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  14. ReTrO

    ReTrO
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    If it has mutliple inputs you should be able to use it with both your DVD and CD. Provided you have different digital output options on them.
     
  15. dts_boy

    dts_boy
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    i have just bought the tag dac20 and am VERY happy with it!
    1 question - i have co-ax out of the dvd into the dac and then analogue out into cd line input on my amp. the dd/dts is passed throught the dac via the digital out on the dac and seems to work fine on dd films, it plays nothing through the cd input. haven't tried with dts films yet, will it work the same, will t damage my speakers or should i just use the optical out of my dvd - amp and stop trying to cut corners (and not have to buy another lead:mad: )?
     
  16. ReTrO

    ReTrO
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    For the best sound quality you are best off bypassing the DAC with your DD/DTS optical feed.
     
  17. mick23

    mick23
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    i have nad 540cd player cost £230 (coax only) if i added c/a dac from r/s£99 is this going to improve cd playback, dac has hdcd capability (540 has not) does the amp/av being used have to have (some kind of hdcd decoding ability) i have some hdcd cds this would seem a fairly cheap way of possible (upgrade) rather than purchase a dearer cd player, dac has optical and bnc out , i have only coax is there a way round this, thanks all
     
  18. michaelab

    michaelab
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    Does the TAG DAC 20 have digital pass through? My DVD player (Philips DVDR 890 player/recorder) only has a single coax digital out so if I hooked it up to a DAC I'd want to make sure that the dts/dd signal gets to my AV amp for watching movies. What about other DACs - do most of them have digital pass through?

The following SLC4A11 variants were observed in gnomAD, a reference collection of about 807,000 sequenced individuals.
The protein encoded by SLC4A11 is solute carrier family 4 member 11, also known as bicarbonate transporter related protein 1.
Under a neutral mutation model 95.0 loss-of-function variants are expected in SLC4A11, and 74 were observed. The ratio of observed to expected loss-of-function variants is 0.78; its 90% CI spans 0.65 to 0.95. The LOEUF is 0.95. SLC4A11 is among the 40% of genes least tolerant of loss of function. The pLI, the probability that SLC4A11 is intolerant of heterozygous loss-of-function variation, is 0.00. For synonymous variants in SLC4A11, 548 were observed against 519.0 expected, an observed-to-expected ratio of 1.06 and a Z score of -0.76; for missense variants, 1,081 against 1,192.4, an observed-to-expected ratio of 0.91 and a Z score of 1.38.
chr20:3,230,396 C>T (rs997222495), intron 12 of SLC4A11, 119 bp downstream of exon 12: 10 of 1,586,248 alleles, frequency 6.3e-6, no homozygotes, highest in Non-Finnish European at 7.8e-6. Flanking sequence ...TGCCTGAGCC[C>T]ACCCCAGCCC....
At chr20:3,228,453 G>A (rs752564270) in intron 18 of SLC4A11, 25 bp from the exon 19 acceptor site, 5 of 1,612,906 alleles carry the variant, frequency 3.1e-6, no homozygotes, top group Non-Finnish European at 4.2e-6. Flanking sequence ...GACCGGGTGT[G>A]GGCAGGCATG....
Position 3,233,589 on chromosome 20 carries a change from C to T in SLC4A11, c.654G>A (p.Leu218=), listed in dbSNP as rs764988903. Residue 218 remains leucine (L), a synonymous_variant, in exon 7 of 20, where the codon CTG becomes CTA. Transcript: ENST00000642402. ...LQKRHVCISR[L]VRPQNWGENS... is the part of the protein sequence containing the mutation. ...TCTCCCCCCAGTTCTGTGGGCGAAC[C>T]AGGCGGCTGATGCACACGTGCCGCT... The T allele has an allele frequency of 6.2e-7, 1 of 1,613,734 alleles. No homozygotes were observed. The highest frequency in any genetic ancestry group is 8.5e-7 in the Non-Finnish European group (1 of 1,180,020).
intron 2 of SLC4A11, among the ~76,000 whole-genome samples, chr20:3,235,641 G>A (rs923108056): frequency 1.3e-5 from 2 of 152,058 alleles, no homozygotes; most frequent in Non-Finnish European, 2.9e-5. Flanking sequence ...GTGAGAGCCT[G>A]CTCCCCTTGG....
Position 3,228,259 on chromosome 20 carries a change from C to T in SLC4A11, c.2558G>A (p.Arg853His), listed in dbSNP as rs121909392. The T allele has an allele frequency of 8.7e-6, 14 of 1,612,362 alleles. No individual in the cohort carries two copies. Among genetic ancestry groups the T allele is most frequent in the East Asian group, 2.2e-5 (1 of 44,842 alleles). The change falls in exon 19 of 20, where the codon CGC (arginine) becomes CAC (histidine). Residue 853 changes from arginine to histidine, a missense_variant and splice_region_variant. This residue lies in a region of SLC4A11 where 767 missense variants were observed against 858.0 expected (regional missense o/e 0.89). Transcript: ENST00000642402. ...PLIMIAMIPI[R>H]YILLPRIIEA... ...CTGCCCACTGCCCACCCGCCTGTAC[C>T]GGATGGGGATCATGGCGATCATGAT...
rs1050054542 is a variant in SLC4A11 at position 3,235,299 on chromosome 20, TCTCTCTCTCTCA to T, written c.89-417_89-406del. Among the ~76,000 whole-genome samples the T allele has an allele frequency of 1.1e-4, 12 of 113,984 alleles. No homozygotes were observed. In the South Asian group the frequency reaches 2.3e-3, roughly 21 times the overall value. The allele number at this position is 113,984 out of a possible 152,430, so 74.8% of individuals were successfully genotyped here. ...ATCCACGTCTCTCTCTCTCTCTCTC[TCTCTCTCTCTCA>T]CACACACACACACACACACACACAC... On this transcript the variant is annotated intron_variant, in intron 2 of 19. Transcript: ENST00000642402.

On a different note, isn't the problem with DVD players playing CDs that the laser isn't aligned/focussed properly for reading CDs? If that's the case isn't the transport the root of the problem, not the DAC (notwithstanding that the DAC in a DVD player is probably nothing like as good as a separate DAC)?

    If I could slot a TAG DAC 20 into my system and then use my DVD player for good quality CD playback then I could take my CD player (Marantz CD50SE) out and use it somewhere else. I had been thinking about getting a separate CD player.

    Michael.
     
  19. ReTrO

    ReTrO
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    To a certain extent your right about the transports. The onlt problem now is that there are very few CD only transports left that are good, like the one in the Arcam CD72T. A lot of CD players supposedly use DVD mechs though.

    If you can't get a good start then what chance do the DAC's have.
     
  20. Nic Rhodes

    Nic Rhodes
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    The transport is supremely important here. Many are okay into great DACs but when you hear a great transport you then really know what is what. Unfortunately the greatest limiting step is the SPDIF that everyone uses between the two. Jitter and that.....and this is what holds back many Transport / DAC combinations and is probably the reason why many have gone the integrated route.

    Some DACs do have a digital pass through, mainly to help MD players etc.

    You can get some switching SPDIF boxes that might help with more than one connection.
     
  21. CJROSS

    CJROSS
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    Retro – Beekeeper